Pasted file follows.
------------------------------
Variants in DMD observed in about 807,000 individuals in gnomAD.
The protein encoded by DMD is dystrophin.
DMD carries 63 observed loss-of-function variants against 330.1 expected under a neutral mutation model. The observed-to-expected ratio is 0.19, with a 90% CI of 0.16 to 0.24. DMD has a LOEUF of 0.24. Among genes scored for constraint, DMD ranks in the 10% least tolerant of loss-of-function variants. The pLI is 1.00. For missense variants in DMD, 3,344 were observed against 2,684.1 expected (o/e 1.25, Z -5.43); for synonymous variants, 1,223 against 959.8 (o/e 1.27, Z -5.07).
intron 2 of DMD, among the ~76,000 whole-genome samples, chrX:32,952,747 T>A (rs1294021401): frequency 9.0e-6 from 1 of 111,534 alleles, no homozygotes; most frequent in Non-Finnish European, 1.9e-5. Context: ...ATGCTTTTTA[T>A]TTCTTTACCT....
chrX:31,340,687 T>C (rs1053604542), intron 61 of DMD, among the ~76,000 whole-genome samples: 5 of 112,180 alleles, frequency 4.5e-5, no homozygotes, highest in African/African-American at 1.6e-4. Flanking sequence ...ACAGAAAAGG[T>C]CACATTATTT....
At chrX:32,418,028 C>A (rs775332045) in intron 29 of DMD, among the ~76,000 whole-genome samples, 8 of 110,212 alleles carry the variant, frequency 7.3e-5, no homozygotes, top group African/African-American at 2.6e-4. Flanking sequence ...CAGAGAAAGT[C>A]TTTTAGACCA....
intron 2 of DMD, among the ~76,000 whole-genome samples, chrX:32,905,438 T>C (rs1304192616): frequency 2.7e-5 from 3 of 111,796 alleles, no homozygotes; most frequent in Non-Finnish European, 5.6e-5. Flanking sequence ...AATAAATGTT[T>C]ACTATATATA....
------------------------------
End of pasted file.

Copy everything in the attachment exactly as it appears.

Variants in DMD observed in about 807,000 individuals in gnomAD.
The protein encoded by DMD is dystrophin.
DMD carries 63 observed loss-of-function variants against 330.1 expected under a neutral mutation model. The observed-to-expected ratio is 0.19, with a 90% CI of 0.16 to 0.24. DMD has a LOEUF of 0.24. Among genes scored for constraint, DMD ranks in the 10% least tolerant of loss-of-function variants. The pLI is 1.00. For missense variants in DMD, 3,344 were observed against 2,684.1 expected (o/e 1.25, Z -5.43); for synonymous variants, 1,223 against 959.8 (o/e 1.27, Z -5.07).
intron 2 of DMD, among the ~76,000 whole-genome samples, chrX:32,952,747 T>A (rs1294021401): frequency 9.0e-6 from 1 of 111,534 alleles, no homozygotes; most frequent in Non-Finnish European, 1.9e-5. Context: ...ATGCTTTTTA[T>A]TTCTTTACCT....
chrX:31,340,687 T>C (rs1053604542), intron 61 of DMD, among the ~76,000 whole-genome samples: 5 of 112,180 alleles, frequency 4.5e-5, no homozygotes, highest in African/African-American at 1.6e-4. Flanking sequence ...ACAGAAAAGG[T>C]CACATTATTT....
At chrX:32,418,028 C>A (rs775332045) in intron 29 of DMD, among the ~76,000 whole-genome samples, 8 of 110,212 alleles carry the variant, frequency 7.3e-5, no homozygotes, top group African/African-American at 2.6e-4. Flanking sequence ...CAGAGAAAGT[C>A]TTTTAGACCA....
intron 2 of DMD, among the ~76,000 whole-genome samples, chrX:32,905,438 T>C (rs1304192616): frequency 2.7e-5 from 3 of 111,796 alleles, no homozygotes; most frequent in Non-Finnish European, 5.6e-5. Flanking sequence ...AATAAATGTT[T>C]ACTATATATA....